Her Maj comes to Scotland a few times a year but the event that those and such as those look forward to most is the annual Garden Party. This year I was invited (because one of my little flock is now Deputy Lord Lieutenant for Falkirk and one of his duties is to decide who gets invited) and it was an honour. However, I shall whisper to you, dear readers, that I am anti-monarchy, a good socialist at heart (if not always in practice!) and will only be happy when there is a Stewart/Stuart on the throne once more. But sometimes it is an honour to be asked and you have to be selfless and think of it as networking. Am I convincing you? Nah, okay I’ll shut up now.
But you do want to hear all about it, don’t you? First there is the invitation which comes in a gloriously thick envelope, thicker than any envelope you’ve ever seen. So thick in fact, that your letter opener is not sharp enough to slice through. It comes with instructions on what to wear (woman may wear trouser suits – gee thanks), what to do and what not to do. Bring two forms of ID, park here, toilets are there, no medals (drat! had to leave Our Lady’s Miraculous Medal behind).
Now I knew I was going to wear my clerical collar (black shirt of course), black trousers, black shoes (patent funky because I just couldn’t be so sensible) but what to wear on top? What jacket would be suitable for a sunny summer afternoon in Edinburgh? Especially when you don’t feel inclined to spend a lot of money. In fact as little money as possible. Enter eBay and a lovely silky purply duster coat for £1.50 so a bargain too. OK I had to buy a new button when the dry cleaner destroyed it and stick up the hem but still a bargain.
Then there was the rain. Well first there was my hair. My hair which was due a haircut but seemed to be holding up quite well with the use of very strong hairspray. Very strong indeed. And you know how it is? I think I’ll get away without getting a haircut too, you say to yourself. Jolly good. And then there comes a day, 3 days before the garden party when your hair grows an inch overnight and flop. Suddenly it has become too long all over and no amount of spray glue will hold it aloft. Luckily the lovely Tracey at HairDotComb could fit me in on the morning of the party. But that’s always a risk too, you know? Because sometimes the day of a haircut is not the best day for it to be seen in public. Sometimes you have to ‘fix’ it yourself before you dare let anyone see it. I did not have that luxury but thankfully all was well and Tracey excelled herself.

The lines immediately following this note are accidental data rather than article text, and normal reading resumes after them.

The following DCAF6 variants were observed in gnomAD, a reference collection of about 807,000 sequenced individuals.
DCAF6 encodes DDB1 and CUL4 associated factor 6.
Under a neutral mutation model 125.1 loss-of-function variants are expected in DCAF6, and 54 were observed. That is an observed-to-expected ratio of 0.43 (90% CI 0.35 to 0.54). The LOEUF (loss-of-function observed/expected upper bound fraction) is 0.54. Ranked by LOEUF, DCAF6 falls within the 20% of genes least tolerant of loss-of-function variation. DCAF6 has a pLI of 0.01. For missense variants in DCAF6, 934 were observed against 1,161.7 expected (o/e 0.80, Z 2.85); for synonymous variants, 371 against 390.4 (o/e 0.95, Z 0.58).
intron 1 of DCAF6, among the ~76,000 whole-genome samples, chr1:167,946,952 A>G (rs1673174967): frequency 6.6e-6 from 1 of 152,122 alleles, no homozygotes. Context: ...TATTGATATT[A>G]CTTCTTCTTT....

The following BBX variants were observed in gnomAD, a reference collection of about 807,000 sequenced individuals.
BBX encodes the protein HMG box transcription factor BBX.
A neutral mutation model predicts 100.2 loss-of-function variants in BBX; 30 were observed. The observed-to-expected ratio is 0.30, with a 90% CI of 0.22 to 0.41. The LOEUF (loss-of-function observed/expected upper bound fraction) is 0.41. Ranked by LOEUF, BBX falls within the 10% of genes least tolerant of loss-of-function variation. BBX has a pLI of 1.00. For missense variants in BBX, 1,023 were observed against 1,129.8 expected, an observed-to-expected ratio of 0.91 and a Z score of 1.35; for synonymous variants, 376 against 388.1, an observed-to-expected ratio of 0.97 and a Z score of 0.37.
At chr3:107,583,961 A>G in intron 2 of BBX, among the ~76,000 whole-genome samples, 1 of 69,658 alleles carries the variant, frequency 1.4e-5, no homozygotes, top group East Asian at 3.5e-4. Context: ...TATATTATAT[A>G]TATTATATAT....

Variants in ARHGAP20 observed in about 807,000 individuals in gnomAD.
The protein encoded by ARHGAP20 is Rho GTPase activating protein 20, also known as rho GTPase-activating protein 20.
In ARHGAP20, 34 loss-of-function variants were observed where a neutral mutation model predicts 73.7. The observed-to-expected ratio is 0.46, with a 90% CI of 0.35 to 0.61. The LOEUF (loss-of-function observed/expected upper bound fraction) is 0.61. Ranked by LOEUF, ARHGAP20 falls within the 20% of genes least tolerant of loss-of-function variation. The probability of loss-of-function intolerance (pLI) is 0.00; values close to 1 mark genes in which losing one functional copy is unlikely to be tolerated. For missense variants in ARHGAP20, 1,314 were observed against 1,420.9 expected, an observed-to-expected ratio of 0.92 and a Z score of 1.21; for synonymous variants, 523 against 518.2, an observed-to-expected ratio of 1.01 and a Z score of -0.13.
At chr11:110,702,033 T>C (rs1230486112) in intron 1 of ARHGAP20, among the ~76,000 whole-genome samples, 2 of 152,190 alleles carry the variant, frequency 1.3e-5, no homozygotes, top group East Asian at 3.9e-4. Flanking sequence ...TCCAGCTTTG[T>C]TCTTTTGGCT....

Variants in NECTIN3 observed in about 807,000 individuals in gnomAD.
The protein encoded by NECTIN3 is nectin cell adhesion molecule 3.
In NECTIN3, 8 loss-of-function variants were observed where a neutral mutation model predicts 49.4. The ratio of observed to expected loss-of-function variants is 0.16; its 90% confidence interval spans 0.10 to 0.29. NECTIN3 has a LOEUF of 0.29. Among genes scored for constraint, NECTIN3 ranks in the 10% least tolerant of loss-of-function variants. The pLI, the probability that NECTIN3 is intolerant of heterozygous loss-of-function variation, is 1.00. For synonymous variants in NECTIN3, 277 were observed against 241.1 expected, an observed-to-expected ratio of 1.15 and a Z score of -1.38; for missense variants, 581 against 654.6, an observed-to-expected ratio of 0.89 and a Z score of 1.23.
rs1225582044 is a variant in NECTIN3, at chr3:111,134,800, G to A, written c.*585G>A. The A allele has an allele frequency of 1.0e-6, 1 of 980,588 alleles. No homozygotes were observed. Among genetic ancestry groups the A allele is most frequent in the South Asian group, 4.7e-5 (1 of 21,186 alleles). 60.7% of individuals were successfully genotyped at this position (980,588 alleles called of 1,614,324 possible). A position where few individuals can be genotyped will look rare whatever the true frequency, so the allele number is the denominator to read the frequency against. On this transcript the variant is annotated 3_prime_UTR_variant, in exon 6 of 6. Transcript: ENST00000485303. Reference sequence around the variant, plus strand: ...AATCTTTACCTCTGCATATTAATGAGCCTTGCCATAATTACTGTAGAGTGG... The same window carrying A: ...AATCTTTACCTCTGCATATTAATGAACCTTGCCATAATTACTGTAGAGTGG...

Back to the rain. And the wind. And the cold wind and almost horizontal cold rain. The kind of day when you want to wear your Jack Murphy with fleece lining. But no, we need to look glamourous and summery so I had a genius of an idea… I would wear my thermal simmet! But what if it got miraculously sunny and I ended up melting in the heat? Well that wasn’t going to happen, was it? So thermal vest it was, thus allowing me to look summery-ish while keeping toasty warm. And the umbrella of course. Luckily I had a purple and pink spotty one which set off my outfit beautifully, although I do say so myself.
Why was I worrying? Lord knows because you should have seen the sights I saw! Streaky fake tan, tattoos, alarming hats and fascinators galore (never quite so glamourous when soaking wet – there is nothing so alarming as a wet feather), grass-covered platform shoes, much body piercing, sinking stilettos. And that was just the men! Actually the men weren’t much better. Some were in cream linen for heaven’s sake. Now what is formal about cream linen, I ask you? And kilts of various hues and lengths. Boys, there comes a time when your tummy is so big it is lifting your kilt well up at the front. You can’t see your knees and thighs glinting in the rain but we can and its not nice. Oh how I love people-watching. And sporran-watching. That’s a whole lot of fun.
I didn’t see Her Maj. Two gay male friends told me she was wearing light blue or peacock. No, no, cried the women. It was mint green. So much for gay stereotypes! I stayed in the dry tea tent eating little cucumber and mint sandwiches and passion fruit tarts. Delicious. Although how one is meant to eat when one is balancing a cup and saucer in one hand and a tea plate in the other is beyond me. I hired a Rector’s Tea Cup Holder for the duration and he was jolly good.
So apart from the people and the bad weather, what else did I notice? After all there were about six thousand people there. You know how sometimes you just have a wee think about gender issues and you start to notice… Well perhaps you don’t but I do. And that’s when you notice the role that women play in these royal events which may seem all the more surprising when we have a woman on the throne. First there were the bands. Many military bands were playing throughout the afternoon. I didn’t see any women playing in them. Then there are the Royal Company of Archers, the Queen’s Bodyguards in Scotland. I can’t find out how you get to be an Archer but it seems to be mainly lawyers and bigwigs from Edinburgh. You have to be invited. Not a woman amongst them. There were some antiquated order of constables too in old fashioned uniform with truncheons aloft – all men. I did see one police officer who happened to be a woman who was directing traffic. And the women serving the tea and buns, of course. But mostly the women were there to serve food or look pretty. Welcome to the nineteenth century. Sigh.
So my first Royal Garden Party is over. I met some old friends, missed a whole host of others. The Queen eluded me but I saw some sights. There was a long purple coat with tartan cuff which I coveted on a very elegant lady. I was fooled by many Presbyterians in purple clerical shirts who I thought were bishops. And I laughed a lot in good company. (Even better was supper at The Steading on the way home and large Bombay gin!)